At 12:01am on Saturday, July 1, many Las Vegas medical marijuana dispensaries will begin selling “legal” pot for the first time. Question 2 passed by a slim majority in November, with only Clark and Washoe counties, home to the cities of Las Vegas and Reno, respectively, showing solid support. Despite the narrow votes, and some last minute changes to regulations, Nevada will become the 5th state to begin selling some form of “recreational” marijuana.
The Las Vegas Review-Journal covered 14 questions about the new regulations. Of particular interest is the tax structure that will drastically increase the price of “legal” weed. A 15% excise tax assessed to growers is then largely passed on to the consumer, and in Clark County, for example, consumers will pay a total of 32% in additional taxes. This has driven prices to about $80 for a 1/8th of an ounce and as much as $400 for an ounce. By comparison, medical marijuana is Nevada runs anywhere from $30 to $60 for an 1/8th ounce, and Colorado and Washington recreational weed tends to be in the $20-60 range.
The second huge issue facing Nevadans and dispensaries is legal supply. While the dispensaries have stocked up for the opening weekend, some saying they have a “month or two” of product on-hand, there are still no agencies licensed to transport weed. A judge declared that the state’s licensed liquor distributors should have exclusive rights to transport marijuana from cultivation facilities to dispensaries, but none of the 5 companies are ready to begin, leaving dispensaries with no supply line. What this means is when supply is gone, it’s gone. Unless the situation is resolved, shortages could start within a week or two.
In a special to the Reno Gazette-Journal, attorney Jim Hartman warned against moving too swiftly in implementing the law.
In the name of “educational funding,” Nevada politicians and the marijuana industry last December entered into an unholy alliance to heedlessly rush the process. An “early start” program was conceived by political insiders to advance the “first sale” date to July 1, 2017. This early start program was never the subject of any public hearings, state legislative approval or Nevada Tax Commission action prior to the announcement.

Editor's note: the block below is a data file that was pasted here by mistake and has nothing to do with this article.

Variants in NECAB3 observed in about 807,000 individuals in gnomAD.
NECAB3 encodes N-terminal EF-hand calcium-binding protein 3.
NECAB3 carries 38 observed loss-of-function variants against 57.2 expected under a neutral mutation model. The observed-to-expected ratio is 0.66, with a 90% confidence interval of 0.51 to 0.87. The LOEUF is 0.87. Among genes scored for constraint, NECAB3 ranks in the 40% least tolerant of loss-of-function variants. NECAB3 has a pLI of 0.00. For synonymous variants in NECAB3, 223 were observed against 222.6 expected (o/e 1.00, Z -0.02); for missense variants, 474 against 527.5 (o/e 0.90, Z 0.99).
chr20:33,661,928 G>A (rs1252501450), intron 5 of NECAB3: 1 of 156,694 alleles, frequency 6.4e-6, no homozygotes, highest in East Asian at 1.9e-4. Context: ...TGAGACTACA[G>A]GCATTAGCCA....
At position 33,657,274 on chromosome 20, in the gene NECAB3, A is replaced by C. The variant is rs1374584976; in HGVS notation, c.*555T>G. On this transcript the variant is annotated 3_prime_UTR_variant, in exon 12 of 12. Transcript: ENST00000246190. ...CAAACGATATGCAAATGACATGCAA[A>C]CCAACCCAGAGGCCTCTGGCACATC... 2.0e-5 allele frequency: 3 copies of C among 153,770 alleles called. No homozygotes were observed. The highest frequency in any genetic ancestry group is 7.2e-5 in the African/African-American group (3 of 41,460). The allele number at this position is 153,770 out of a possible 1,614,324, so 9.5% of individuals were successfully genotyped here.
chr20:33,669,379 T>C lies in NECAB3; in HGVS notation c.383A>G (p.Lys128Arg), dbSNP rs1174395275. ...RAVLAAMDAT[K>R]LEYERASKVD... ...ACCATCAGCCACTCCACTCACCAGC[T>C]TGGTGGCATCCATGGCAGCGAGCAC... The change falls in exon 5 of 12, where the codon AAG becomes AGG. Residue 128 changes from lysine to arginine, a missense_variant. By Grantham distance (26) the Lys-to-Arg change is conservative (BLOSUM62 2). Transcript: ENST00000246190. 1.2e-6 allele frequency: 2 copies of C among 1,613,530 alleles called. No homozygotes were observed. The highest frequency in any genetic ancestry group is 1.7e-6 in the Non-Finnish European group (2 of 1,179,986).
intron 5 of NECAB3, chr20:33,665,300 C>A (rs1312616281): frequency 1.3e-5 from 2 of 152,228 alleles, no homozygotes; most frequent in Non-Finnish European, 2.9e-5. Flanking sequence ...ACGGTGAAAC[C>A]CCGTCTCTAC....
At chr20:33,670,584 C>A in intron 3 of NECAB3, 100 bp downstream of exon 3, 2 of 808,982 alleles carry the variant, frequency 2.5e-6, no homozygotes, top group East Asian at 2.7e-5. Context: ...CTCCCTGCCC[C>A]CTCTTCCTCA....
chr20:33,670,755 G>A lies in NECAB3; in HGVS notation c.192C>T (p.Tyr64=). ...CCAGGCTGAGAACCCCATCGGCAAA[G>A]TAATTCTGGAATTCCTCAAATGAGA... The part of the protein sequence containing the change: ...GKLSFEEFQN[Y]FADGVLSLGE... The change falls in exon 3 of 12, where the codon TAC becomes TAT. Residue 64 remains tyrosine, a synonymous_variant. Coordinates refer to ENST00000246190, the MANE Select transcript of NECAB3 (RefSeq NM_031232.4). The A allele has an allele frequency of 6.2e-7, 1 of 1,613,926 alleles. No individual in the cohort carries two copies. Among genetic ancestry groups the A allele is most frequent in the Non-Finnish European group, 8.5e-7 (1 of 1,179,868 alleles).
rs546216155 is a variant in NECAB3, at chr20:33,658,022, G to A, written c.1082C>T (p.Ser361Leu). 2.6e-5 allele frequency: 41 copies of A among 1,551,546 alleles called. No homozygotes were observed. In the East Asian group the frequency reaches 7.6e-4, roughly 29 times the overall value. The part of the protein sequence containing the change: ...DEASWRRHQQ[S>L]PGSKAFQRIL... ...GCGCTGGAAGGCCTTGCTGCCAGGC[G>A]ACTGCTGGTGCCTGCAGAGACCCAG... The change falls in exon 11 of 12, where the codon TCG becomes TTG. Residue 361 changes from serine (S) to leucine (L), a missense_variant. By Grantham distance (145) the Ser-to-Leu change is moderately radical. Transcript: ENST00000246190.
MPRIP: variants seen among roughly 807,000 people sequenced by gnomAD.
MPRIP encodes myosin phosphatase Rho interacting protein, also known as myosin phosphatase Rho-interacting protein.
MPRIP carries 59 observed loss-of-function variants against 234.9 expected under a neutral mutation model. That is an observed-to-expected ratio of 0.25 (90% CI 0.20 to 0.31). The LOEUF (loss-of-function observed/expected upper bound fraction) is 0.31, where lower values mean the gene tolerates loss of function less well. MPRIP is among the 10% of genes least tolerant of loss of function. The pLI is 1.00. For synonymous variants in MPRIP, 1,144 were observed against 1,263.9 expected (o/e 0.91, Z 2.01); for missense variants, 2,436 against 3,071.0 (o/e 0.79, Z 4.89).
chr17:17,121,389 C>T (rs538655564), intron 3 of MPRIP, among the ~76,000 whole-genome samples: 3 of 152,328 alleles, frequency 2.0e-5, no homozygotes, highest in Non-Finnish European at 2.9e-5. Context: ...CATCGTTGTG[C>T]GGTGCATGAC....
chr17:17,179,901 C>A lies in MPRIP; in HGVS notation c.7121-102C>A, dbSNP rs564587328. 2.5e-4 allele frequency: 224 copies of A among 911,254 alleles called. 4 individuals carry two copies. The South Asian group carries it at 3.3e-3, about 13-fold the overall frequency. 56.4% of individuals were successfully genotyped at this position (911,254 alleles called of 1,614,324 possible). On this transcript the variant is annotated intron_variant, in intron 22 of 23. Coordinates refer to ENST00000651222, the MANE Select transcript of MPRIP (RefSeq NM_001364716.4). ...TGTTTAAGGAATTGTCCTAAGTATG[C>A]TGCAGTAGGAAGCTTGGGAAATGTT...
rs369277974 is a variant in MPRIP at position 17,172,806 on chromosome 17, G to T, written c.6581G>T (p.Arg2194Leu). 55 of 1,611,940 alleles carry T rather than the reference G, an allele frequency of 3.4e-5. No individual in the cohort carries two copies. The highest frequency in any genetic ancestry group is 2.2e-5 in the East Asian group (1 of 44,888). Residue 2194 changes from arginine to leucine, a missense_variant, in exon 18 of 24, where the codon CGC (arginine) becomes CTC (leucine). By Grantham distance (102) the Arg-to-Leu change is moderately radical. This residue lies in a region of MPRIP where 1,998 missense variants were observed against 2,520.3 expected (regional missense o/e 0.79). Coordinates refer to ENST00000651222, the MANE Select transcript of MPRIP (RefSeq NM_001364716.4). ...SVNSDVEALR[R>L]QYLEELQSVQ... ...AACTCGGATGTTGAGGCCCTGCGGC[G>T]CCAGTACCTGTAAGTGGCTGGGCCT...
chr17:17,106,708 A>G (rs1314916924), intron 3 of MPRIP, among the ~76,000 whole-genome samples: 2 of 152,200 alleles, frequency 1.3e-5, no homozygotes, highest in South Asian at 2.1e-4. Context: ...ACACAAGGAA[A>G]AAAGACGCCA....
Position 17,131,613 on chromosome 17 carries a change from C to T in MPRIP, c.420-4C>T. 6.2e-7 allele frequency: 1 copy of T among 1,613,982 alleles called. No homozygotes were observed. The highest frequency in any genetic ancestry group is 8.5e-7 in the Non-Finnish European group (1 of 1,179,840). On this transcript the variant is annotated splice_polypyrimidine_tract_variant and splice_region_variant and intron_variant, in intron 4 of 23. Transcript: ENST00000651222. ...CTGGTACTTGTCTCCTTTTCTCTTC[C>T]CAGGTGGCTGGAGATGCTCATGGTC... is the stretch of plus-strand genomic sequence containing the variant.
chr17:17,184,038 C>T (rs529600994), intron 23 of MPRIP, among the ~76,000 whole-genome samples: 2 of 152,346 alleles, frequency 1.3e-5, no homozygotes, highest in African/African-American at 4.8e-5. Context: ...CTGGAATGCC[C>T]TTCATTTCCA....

Gov. Brian Sandoval proposed a 10% retail sales tax on recreational marijuana for education. His rosy two year forecast of $60 million in revenue runs counter to initial experiences in Colorado (revenue 1/3 of forecast) and Alaska (1/5 of forecast). Our new state motto: “Light one up for the kids.”
What Hartman is quite rightly pointing out is that the promised cash cow hasn’t produced as expected. Colorado has been presented as a success story for “funding failing schools,” but the results haven’t been there. In May, Colorado lawmakers voted almost unanimously to increase the sales tax on “recreational” marijuana. The Denver Post reports, “Under the legislative proposal, the increase to the 15 percent special sales tax rate is paired with the elimination of the 2.9 percent regular sales tax. So the move amounts to a 2.1 percentage-point tax hike for consumers.”
Also of note is that recreational marijuana will still be a cash-only business. Credit cards will not be accepted, though it is expected that all dispensaries will have on-site ATMs available.
While Nevada tries to work through its issues, Massachusetts, California, and Maine will hopefully be watching and learning from the mistakes. Maine and California both plan January 1, 2018 starts to sale, while Massachusetts is holding off until mid-2018. Meanwhile, Delaware has put “recreational” marijuana on hold for now as the legislature is struggling with a $350 million budget hole.